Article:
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Ways to Plan for Medical Emergencies After Filing for Bankruptcy

Ways to Plan For Medical Emergencies After Bankruptcy

Medical emergencies can create large, unexpected debts.  Sometimes medical debts can even cause bankruptcy.  It is important to plan for medical emergencies after filing for bankruptcy.   Unexpected medical bills can be controllable by the following planning tips.

Planning Tip #1: Acquire Medical Insurance

Medical insurance is the most powerful way to plan for unexpected medical costs. Although traditional medical insurance can be difficult to afford, nothing compares to it’s ability to protect you from unexpected medical costs.  Medical insurance may be possible with employer and local programs and should be pursued if at all possible.

Planning Tip #2: Medical Costs Sharing Plans and Other Forms of Protection

Medical cost sharing programs are becoming more widespread throughout the United States as a response to increasing insurance costs.  These programs require monthly contributions and operate in function very similar to medical insurance.   The cost savings can be enormous.

Also, there are many medical discount plans for medical and prescription costs.   Whatever program you enter, make sure to investigate the past reliability of the program.  Personal referrals and research may be required to determine if the program is sufficient for your needs and worthwhile.   Some programs may prove to be a cost-effective alternative to traditional insurance in some cases.   

Planning Tip #3: Medical Savings Account

If you have a medical insurance or similar program that requires a annual deductible, you may be qualified to use a medical savings account.   These special medical savings accounts offer two benefits.  First, automatic contributions to the account provide an easy system to save for unexpected medical costs.  Secondly, the taxing authorities will require income tax to be paid on amounts contributed to the account.  Talk to your employer or a tax professional to see if you qualify for a medical savings account.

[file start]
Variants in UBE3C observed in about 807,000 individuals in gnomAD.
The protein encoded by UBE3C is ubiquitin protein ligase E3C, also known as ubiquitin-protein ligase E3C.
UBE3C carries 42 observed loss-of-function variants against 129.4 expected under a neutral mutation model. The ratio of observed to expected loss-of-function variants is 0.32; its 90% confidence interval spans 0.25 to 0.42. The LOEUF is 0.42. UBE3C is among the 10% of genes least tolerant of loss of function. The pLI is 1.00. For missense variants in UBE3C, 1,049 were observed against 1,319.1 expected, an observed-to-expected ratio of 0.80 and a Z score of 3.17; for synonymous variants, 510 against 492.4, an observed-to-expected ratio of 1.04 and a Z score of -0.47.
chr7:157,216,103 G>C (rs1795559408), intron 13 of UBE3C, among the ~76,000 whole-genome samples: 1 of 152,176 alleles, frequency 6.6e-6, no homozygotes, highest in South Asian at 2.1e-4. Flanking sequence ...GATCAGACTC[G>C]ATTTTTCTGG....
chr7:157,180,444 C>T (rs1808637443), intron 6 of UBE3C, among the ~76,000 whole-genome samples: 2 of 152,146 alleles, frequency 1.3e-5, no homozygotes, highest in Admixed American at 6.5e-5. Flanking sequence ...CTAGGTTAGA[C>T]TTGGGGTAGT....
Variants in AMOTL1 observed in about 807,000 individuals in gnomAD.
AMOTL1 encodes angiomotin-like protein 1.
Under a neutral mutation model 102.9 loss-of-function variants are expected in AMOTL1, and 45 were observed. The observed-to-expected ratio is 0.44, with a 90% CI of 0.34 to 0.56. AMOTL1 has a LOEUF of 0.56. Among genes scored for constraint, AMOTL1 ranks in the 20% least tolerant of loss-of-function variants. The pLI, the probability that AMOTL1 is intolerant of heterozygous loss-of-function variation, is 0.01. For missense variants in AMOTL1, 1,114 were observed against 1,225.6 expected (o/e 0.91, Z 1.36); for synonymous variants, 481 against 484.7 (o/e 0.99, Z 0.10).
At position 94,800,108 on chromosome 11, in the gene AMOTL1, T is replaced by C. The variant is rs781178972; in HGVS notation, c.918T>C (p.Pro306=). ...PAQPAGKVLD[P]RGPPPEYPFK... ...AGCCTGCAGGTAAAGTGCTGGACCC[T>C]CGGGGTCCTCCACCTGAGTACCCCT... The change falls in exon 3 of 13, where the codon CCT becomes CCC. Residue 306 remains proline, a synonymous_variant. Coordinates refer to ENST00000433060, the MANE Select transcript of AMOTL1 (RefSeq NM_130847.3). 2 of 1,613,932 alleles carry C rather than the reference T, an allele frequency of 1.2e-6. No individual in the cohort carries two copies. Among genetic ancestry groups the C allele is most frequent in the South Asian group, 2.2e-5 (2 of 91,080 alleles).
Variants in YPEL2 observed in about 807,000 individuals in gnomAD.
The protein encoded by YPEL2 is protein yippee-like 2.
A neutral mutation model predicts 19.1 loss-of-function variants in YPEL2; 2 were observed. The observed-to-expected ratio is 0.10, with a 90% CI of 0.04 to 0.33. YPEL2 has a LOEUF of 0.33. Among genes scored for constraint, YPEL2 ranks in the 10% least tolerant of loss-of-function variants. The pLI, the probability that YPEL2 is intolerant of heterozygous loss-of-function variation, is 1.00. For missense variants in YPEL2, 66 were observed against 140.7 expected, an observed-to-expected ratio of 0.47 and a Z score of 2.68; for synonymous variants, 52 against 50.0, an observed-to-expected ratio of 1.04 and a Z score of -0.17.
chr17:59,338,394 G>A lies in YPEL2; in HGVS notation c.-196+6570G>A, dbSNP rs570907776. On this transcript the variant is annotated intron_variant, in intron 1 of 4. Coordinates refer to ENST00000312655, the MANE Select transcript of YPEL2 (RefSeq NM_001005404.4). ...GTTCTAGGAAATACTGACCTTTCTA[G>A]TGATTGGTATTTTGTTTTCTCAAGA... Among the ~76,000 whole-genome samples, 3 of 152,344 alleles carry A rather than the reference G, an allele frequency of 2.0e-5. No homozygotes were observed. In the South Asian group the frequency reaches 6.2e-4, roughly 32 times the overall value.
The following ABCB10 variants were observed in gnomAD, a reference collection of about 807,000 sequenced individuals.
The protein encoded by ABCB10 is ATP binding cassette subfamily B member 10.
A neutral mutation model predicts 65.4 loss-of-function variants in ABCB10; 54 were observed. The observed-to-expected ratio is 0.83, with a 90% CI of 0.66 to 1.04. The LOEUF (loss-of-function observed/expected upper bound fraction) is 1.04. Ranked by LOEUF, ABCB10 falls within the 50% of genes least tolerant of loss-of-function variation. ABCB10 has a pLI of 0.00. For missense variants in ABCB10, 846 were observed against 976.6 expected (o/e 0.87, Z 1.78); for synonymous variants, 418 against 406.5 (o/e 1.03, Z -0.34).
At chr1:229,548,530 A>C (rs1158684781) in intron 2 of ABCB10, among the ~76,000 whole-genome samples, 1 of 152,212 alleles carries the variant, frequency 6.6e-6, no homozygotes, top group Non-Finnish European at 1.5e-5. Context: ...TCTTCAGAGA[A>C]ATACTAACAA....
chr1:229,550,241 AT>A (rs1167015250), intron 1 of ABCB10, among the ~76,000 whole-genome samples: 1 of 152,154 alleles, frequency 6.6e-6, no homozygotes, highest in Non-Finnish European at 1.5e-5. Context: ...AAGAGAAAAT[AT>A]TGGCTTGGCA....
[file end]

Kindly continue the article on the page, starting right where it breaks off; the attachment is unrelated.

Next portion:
The Best Tip Is Simple: Always Plan for Unexpected Medical Bills

Life is unexpected.  Large medical bills can come on within a very short period of time.  They can damage your financial life quickly if you do not have a plan.  Instead of “hoping for the best,” responsible financial planning always requires making a plan for medical bills.  The best tip is simply to take medical cost seriously.  If you have a plan, then it will be much more difficult for a series of medical bills to destroy your financial life.  Having a plan for medical bills can also  be an important step for avoiding the future possibility of bankruptcy.

Tips to Stop Collection Calls

Need to Stop Collection Calls?

Collection calls can be horrible.  Although some collectors are polite and understanding, many debt collectors are aggressive and demanding.  Debt collection calls can certainly add stress to an already stressful debt situation.  Here are a few tips for stopping collection calls.

Tell Collectors to Only Communicate with You Through Your Attorney

Talk to a bankruptcy or debt relief attorney.  Afterwards, you may want to demand all future collection calls to only go through your attorney’s office. This will give you time to either settle your debts or file for bankruptcy.  If you cannot settle the debt or file for bankruptcy within six months, then your creditors may continue to contact you.

Your creditor will only call your bankruptcy attorney usually once or twice to verify representation.  The same creditor may call you 20 or 30 times to keep pressuring you to make payments on the debt.   Follow the instructions of your attorney on how to deal with collection calls.  You cannot trust the information being given you over the phone by debt collectors.

Tell Collectors that They No Longer Authorized to Call You at Work

Under the Fair Debt Collection Practices Act, you may be able to prevent certain creditors from contacting you at work. If you receive a collection call at work, you need to tell the creditor that they are no longer authorized to contact you at work and they need to only contact you at home or directly via cell phone.  Although this does not apply to collection attempts being made by the original creditor, generally all collection agencies will be bound by this request and will cease attempting to contact you at your workplace.

File For Bankruptcy – All Collection Calls Will Stop

The most powerful method of stopping collection calls is to file for bankruptcy.   When you file for bankruptcy, an invisible shield call the “automatic stay” protects you from any further communication with your creditors.  This “automatic stay” will almost instantly stop a collection calls.